The Recruiting Nightmare #6 – Here Comes The Resume Storm

Some recruiters don’t get enough resumes.  I’m not going to cover that, because that’s part of the larger problem of finding people.

Some recruiters get the right amount of resumes.  Great for them.

Then there’s the resume storm, where a flurry of potential employees floods some poor recruiter’s inbox, website, profile, whatever.  Then this “fortunate” person with “many” options has to sort through them.

This is another part of the challenges facing modern recruiting. 

In my experience, this isn’t as common as people may think – but it’s still a part of being a recruiter, an an annoying part at that.  How do you search through all those resumes and find the right people?

This isn’t any easier because I can pretty much guarantee a lot of the resumes aren’t that great, at least organizationally.  Then there’s the cover letters that vary from nonexistent to wonderful to literary piles of self-confident bombast.  Recruiters who get stuck in resume storms have to sort through all of this.

Sounds fun?  No, not really.

It’s worse when you realize the people doing the search also have had to find ways to get the posts up, understand the position, communicate the position, and in general try to know what the hell is going on.  Then they have to analyze the rush of resumes which is going to take time, raise more questions, and require them to think on their feet (and think like those who want those positions filled).

Also if you messed anything up, if the posting got the wrong people, or you were unlucky that people went “TLDR, send resume” then there’s a chance that flood is going to yield barely any results.  In fact, with all the mess dropped in your lap, you may actually miss good people.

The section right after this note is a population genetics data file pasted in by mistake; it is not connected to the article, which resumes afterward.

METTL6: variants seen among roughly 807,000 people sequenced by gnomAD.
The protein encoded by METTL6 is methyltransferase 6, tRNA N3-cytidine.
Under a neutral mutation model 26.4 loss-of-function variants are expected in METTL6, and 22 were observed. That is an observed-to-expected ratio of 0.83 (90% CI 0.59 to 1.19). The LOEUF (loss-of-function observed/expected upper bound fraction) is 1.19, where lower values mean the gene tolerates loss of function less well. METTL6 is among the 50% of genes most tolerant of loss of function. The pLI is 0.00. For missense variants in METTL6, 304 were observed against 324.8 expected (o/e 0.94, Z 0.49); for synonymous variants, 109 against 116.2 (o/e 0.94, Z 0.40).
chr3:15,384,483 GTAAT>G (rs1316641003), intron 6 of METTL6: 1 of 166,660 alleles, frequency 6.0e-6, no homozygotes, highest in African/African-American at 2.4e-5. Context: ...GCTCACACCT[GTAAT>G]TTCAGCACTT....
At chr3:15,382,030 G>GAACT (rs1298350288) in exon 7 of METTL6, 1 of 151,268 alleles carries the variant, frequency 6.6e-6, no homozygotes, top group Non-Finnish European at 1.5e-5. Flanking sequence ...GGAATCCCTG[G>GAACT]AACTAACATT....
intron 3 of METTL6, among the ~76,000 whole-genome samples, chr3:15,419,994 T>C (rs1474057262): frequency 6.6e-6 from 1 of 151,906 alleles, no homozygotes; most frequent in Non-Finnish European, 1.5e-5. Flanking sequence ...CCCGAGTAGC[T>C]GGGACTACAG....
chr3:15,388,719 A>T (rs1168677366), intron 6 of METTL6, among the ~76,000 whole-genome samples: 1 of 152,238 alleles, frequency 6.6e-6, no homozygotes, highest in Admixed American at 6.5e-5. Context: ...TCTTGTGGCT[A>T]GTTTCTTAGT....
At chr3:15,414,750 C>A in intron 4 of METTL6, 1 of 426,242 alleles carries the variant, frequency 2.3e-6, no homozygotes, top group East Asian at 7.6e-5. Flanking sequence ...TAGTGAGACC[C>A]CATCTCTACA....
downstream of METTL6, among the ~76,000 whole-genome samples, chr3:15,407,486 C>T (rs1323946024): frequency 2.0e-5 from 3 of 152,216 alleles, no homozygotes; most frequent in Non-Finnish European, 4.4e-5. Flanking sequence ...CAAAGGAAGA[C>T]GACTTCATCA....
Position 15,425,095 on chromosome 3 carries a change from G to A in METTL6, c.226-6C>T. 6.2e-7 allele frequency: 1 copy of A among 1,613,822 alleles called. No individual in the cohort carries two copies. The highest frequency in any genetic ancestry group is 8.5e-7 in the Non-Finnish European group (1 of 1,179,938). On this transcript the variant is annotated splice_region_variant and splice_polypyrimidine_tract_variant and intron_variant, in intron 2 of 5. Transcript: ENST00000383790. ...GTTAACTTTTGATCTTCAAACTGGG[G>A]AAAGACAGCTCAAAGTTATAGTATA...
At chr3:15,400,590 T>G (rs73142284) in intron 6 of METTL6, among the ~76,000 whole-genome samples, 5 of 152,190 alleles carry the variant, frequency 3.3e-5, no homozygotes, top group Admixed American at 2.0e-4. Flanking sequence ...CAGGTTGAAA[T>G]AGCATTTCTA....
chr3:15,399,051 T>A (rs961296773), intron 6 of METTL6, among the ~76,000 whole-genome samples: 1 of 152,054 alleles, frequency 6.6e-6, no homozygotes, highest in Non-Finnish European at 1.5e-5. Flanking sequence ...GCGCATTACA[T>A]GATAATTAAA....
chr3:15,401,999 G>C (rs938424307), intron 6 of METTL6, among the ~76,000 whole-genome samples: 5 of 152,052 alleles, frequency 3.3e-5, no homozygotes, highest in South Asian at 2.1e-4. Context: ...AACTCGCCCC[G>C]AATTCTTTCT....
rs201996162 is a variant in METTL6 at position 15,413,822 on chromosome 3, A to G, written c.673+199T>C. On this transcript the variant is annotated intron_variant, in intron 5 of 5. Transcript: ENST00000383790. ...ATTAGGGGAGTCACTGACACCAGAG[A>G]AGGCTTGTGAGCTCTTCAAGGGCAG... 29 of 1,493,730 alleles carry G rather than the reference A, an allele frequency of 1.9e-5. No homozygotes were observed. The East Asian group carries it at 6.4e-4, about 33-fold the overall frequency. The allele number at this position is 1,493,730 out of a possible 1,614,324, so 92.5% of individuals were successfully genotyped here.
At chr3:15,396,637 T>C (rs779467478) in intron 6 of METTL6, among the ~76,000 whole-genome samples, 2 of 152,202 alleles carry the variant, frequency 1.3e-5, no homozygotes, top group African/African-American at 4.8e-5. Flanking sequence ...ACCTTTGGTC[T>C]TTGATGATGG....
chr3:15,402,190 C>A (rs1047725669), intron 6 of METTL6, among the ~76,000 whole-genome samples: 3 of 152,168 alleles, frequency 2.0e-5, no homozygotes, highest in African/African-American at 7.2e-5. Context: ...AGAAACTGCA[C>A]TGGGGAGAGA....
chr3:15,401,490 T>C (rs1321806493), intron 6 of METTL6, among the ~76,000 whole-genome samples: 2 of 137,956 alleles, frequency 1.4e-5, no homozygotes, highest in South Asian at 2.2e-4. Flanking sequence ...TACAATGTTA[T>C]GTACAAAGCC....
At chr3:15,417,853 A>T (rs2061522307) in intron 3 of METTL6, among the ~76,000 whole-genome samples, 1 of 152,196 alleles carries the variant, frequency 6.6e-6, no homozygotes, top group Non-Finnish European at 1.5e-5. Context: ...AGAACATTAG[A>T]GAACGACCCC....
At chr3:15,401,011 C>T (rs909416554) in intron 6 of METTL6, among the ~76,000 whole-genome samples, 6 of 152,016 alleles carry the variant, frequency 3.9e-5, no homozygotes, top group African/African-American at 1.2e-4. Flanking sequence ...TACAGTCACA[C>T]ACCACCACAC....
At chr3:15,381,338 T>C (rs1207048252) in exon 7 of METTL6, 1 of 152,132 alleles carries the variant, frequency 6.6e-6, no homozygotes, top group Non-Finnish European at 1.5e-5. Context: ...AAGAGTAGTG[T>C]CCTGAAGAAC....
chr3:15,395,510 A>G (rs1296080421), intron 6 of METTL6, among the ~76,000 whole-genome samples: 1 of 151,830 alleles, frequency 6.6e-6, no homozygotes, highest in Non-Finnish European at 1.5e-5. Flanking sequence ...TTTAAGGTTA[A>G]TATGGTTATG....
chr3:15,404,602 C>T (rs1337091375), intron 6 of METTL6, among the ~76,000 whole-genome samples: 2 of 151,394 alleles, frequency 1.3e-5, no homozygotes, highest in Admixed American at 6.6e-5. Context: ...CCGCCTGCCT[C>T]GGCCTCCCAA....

Plus at the end of each resume is an actual person who’s probably, by the odds, not getting the job.  That’s no fun.

So even if you get a flood of resumes, there’s no chance they’re what you need, you still have to sort through them, and you’re going to end up rejecting a lot of people anyway.



  • I always recommend “when in doubt, send your resume” but seriously, show compassion and don’t go spamming.  There’s a fine line at times, learn it for the sake of recruiters.
  • Because you may get caught in a resume storm, look for ways to stand out  and “do the recruiter’s job for them.”  Make sure you are not just noticeable, but make sure you detail experiences, communicate what you can do, to make the recruiters job easier.


  • If a recruiter you work with needs help sorting through resumes, for goodness sake help out.  It’s a pain.
  • Help recruiters you work with or know find the little indicators to help them sort through resumes – what is an “immediate no”, what is a “maybe,” etc.


  • I always hear about resume scanning software, and I’m still not convinced it’s working as well as intended.  It’d be nice to see what else can be done.
  • If you work at a recruiting company, on a company website, etc. it’d be neat to integrate those little “finishers” that immediately drop – or accept – people.  I actually like the sites where you have to answer a few questions to weed out the “TLDR people.”

– Steven Savage

Steven Savage is a Geek 2.0 writer, speaker, blogger, and job coach.  He blogs on careers at, nerd and geek culture at, and does a site of creative tools at He can be reached at